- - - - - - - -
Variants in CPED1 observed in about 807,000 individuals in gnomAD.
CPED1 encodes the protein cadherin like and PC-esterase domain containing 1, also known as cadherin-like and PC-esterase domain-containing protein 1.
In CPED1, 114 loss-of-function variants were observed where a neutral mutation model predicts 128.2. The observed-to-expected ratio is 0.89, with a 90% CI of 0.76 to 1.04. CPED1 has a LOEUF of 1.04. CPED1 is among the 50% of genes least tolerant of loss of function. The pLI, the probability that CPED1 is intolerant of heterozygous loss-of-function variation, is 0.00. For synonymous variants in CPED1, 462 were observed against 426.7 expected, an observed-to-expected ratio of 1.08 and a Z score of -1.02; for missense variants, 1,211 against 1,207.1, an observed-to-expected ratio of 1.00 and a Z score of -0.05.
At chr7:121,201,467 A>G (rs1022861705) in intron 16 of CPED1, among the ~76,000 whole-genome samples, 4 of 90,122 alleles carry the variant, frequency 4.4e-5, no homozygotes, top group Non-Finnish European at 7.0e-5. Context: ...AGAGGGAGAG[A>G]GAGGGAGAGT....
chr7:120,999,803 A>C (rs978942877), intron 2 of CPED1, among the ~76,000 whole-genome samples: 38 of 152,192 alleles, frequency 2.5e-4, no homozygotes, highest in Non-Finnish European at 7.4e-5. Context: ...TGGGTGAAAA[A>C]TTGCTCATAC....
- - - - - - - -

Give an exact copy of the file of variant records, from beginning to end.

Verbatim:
Variants in CPED1 observed in about 807,000 individuals in gnomAD.
CPED1 encodes the protein cadherin like and PC-esterase domain containing 1, also known as cadherin-like and PC-esterase domain-containing protein 1.
In CPED1, 114 loss-of-function variants were observed where a neutral mutation model predicts 128.2. The observed-to-expected ratio is 0.89, with a 90% CI of 0.76 to 1.04. CPED1 has a LOEUF of 1.04. CPED1 is among the 50% of genes least tolerant of loss of function. The pLI, the probability that CPED1 is intolerant of heterozygous loss-of-function variation, is 0.00. For synonymous variants in CPED1, 462 were observed against 426.7 expected, an observed-to-expected ratio of 1.08 and a Z score of -1.02; for missense variants, 1,211 against 1,207.1, an observed-to-expected ratio of 1.00 and a Z score of -0.05.
At chr7:121,201,467 A>G (rs1022861705) in intron 16 of CPED1, among the ~76,000 whole-genome samples, 4 of 90,122 alleles carry the variant, frequency 4.4e-5, no homozygotes, top group Non-Finnish European at 7.0e-5. Context: ...AGAGGGAGAG[A>G]GAGGGAGAGT....
chr7:120,999,803 A>C (rs978942877), intron 2 of CPED1, among the ~76,000 whole-genome samples: 38 of 152,192 alleles, frequency 2.5e-4, no homozygotes, highest in Non-Finnish European at 7.4e-5. Context: ...TGGGTGAAAA[A>C]TTGCTCATAC....